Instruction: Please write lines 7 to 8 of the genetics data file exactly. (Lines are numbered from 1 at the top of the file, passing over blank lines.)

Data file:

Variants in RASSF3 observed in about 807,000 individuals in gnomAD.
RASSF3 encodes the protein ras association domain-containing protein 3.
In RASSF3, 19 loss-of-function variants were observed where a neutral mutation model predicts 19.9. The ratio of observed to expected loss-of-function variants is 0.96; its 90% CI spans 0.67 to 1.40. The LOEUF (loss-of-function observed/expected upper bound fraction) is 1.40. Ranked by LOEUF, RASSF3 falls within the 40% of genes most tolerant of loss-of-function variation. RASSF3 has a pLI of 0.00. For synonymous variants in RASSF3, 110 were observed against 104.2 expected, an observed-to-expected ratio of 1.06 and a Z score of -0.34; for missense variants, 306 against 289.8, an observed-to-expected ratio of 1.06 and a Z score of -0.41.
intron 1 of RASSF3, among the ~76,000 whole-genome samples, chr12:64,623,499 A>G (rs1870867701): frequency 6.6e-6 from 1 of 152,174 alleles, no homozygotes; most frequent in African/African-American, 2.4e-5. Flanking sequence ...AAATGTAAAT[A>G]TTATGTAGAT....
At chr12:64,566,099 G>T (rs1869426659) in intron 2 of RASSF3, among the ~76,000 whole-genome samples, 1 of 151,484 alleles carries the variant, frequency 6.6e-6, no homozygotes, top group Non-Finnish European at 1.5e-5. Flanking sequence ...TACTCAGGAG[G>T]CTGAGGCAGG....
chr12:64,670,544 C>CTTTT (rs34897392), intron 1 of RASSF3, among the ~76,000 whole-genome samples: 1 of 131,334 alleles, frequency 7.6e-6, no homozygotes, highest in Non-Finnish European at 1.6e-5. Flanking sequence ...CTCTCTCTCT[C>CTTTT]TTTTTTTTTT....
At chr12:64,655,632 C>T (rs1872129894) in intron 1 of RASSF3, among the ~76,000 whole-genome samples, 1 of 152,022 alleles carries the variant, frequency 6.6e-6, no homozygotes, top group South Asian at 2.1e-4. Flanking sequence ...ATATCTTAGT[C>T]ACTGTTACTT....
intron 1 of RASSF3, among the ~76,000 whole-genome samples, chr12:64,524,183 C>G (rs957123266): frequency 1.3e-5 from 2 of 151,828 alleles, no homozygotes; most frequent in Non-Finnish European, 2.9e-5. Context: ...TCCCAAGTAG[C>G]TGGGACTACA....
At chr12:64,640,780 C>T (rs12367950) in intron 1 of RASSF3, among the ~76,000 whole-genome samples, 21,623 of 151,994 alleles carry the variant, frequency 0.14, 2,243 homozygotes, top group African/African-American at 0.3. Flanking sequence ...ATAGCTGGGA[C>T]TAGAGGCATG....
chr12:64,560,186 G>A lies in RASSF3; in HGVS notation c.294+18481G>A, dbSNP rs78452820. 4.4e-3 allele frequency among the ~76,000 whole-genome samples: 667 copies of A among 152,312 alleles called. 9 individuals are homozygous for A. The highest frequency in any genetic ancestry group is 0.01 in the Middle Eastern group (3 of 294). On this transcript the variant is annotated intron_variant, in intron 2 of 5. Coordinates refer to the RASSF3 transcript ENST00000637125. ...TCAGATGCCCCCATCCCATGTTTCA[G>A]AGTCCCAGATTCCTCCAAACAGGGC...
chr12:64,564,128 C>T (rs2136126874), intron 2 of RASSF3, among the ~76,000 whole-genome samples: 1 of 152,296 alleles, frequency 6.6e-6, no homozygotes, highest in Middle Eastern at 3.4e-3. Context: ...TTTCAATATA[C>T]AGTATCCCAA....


At chr12:64,655,632 C>T (rs1872129894) in intron 1 of RASSF3, among the ~76,000 whole-genome samples, 1 of 152,022 alleles carries the variant, frequency 6.6e-6, no homozygotes, top group South Asian at 2.1e-4. Flanking sequence ...ATATCTTAGT[C>T]ACTGTTACTT....
intron 1 of RASSF3, among the ~76,000 whole-genome samples, chr12:64,524,183 C>G (rs957123266): frequency 1.3e-5 from 2 of 151,828 alleles, no homozygotes; most frequent in Non-Finnish European, 2.9e-5. Context: ...TCCCAAGTAG[C>G]TGGGACTACA....